“Our 2 year old child had a stroke and was paralysed down one side of her body…We saw an advert for The Dame Vera Lynn School for Parents and we phoned immediately and set up a meeting. We were bowled over by Sarah, the head of early years, and her knowledge, understanding and experience of our daughter’s needs and how to help. Luckily for us a space became available the following term. The day Lottie started at this school was something of a watershed moment for our family. I was left awestruck by the facilities, but more importantly it was the first time I felt that professionals outside the Children’s Hospital really understood what our daughter had been through and had a clear understanding of how to help her.

“We can never thank this talented group of teachers and therapists enough for all their hard work, honesty and support. Somehow it is always the children who leave me most inspired as they take on all their challenges with good spirit, bravery and humour every week.”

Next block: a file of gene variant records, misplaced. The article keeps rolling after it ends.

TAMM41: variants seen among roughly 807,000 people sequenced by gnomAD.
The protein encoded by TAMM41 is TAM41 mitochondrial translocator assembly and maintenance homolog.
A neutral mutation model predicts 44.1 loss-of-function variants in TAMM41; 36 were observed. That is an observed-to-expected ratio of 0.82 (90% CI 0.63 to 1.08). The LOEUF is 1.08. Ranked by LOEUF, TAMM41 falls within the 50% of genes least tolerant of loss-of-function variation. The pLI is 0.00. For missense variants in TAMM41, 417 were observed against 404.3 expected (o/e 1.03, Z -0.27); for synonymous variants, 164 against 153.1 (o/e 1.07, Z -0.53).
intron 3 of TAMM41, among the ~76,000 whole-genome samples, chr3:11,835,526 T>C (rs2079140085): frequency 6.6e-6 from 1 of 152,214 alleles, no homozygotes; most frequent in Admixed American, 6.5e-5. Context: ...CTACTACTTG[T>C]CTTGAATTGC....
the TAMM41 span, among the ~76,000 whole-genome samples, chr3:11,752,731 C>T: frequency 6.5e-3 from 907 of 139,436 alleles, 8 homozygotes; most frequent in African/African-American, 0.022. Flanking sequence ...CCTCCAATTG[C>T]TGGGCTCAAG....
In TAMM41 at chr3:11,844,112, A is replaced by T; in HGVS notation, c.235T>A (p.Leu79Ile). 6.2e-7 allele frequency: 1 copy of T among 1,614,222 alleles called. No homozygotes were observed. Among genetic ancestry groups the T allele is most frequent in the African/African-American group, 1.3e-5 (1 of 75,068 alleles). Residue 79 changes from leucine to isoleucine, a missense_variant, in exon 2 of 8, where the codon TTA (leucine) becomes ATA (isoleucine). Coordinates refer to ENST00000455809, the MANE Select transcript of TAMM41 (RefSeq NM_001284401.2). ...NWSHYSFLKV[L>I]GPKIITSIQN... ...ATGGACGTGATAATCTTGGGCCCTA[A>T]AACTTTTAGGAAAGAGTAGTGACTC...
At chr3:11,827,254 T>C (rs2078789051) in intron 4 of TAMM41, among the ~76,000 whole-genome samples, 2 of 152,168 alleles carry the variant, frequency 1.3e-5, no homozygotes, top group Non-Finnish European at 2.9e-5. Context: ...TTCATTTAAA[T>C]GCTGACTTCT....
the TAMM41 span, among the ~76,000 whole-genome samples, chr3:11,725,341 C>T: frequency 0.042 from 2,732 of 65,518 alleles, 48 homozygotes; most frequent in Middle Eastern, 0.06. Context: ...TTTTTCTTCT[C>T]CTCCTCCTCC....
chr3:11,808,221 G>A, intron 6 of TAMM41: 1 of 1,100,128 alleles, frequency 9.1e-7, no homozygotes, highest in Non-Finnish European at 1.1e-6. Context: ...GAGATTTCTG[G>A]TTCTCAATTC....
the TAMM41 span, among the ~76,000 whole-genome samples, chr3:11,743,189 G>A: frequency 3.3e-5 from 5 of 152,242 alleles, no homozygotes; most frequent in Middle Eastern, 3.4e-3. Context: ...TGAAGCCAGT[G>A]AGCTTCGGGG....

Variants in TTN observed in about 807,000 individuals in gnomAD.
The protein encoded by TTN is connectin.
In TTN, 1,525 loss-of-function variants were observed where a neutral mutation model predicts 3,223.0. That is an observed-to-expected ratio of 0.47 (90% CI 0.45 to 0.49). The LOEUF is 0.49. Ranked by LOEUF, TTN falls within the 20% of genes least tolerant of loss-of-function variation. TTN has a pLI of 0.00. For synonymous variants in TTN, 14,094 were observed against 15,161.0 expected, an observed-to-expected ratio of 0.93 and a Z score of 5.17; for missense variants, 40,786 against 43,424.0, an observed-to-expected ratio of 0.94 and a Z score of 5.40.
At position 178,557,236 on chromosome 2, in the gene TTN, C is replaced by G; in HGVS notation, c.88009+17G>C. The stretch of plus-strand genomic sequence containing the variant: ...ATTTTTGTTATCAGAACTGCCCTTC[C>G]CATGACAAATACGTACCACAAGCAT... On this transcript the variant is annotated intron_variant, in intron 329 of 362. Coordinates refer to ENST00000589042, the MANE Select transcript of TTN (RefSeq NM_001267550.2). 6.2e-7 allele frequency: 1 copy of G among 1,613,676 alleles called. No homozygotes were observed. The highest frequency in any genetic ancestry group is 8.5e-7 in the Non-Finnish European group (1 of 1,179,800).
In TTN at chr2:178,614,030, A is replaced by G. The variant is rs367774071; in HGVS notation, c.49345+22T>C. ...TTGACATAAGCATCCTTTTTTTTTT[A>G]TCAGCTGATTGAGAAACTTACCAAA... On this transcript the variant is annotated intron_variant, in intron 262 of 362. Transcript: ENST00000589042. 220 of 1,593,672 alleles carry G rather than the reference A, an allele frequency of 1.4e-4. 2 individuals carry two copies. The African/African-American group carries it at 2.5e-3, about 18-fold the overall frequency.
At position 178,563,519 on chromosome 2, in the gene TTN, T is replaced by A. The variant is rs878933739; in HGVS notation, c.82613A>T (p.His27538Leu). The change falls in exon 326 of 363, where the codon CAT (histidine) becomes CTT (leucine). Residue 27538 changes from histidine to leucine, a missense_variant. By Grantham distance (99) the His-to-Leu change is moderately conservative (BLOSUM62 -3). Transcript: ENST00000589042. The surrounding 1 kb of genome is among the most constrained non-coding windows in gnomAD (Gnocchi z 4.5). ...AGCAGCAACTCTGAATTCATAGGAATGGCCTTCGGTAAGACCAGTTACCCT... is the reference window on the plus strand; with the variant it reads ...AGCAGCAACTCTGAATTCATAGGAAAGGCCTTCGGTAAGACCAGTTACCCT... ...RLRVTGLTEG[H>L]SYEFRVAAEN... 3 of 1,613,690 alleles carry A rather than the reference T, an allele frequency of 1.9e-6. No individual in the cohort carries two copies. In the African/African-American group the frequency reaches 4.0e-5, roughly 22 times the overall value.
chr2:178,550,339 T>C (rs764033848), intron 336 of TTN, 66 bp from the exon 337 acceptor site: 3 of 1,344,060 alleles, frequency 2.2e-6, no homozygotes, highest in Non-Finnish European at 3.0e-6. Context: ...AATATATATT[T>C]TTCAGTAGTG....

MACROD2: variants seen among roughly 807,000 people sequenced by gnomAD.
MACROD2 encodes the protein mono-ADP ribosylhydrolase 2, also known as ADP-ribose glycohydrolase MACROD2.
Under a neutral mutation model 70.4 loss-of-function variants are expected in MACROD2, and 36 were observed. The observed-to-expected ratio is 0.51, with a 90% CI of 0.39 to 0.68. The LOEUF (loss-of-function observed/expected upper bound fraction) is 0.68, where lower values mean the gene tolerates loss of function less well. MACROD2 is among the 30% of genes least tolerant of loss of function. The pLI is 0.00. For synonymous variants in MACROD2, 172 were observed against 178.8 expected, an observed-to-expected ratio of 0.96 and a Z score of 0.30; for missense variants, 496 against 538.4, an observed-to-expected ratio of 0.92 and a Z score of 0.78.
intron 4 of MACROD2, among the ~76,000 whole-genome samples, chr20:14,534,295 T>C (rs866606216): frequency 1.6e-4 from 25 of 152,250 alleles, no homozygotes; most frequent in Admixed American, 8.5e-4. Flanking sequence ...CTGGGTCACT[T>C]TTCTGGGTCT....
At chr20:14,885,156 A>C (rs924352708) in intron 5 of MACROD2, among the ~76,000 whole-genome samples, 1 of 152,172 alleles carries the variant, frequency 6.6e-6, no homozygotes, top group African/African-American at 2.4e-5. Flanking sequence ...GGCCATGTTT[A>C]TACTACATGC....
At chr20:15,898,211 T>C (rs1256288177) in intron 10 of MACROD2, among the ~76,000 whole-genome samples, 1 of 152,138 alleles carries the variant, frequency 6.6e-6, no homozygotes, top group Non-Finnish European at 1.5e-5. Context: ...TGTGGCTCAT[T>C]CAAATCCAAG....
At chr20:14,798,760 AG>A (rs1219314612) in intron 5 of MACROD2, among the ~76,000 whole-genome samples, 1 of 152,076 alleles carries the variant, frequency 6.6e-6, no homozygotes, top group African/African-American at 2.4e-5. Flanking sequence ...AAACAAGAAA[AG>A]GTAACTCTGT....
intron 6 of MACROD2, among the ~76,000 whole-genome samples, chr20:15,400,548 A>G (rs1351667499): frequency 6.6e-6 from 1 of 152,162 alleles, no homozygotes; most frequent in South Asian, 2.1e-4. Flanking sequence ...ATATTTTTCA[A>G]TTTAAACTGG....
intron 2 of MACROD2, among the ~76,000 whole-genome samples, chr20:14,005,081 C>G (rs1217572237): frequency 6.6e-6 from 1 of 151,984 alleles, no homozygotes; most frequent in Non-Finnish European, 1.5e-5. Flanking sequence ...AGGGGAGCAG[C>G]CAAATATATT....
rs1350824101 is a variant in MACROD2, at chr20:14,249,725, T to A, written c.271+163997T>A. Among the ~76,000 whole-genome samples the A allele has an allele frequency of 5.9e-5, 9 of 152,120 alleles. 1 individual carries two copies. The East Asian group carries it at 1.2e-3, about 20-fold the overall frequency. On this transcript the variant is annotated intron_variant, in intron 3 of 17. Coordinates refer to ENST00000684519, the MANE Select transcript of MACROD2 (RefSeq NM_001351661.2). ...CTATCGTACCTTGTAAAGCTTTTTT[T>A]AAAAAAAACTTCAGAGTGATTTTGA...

Another parent wrote: “All credit should go to the staff for their outstanding positivity, their enthusiasm, and their “can-do” approach, coupled with their genuine desire to see our child progress and reach her milestones. It’s this positivity and eagerness to see her do well that is so infectious for me!”

In 2006 the Ingfield Manor School Preschool and Assessment Service opened with Sarah playing a key role in its planning and delivery.

Since then Sarah has continued to develop both the Preschool and School for Parents and has supported countless families to have positive expectations for their child and ensure the best possible outcomes for them through the active learning that is at the heart of Conductive Education.

In 2012 Sarah’s work in the field of Conductive Education was recognised nationally through her being awarded Honorary Conductor status through the Foundation for Conductive Education at the National Institute for Conductive Education in Birmingham.

Hazel Darby, Principal at Ingfield, said: “Sarah’s wealth of experience and knowledge and her positivity of approach will be missed at Ingfield by the staff team, the families, and the children.”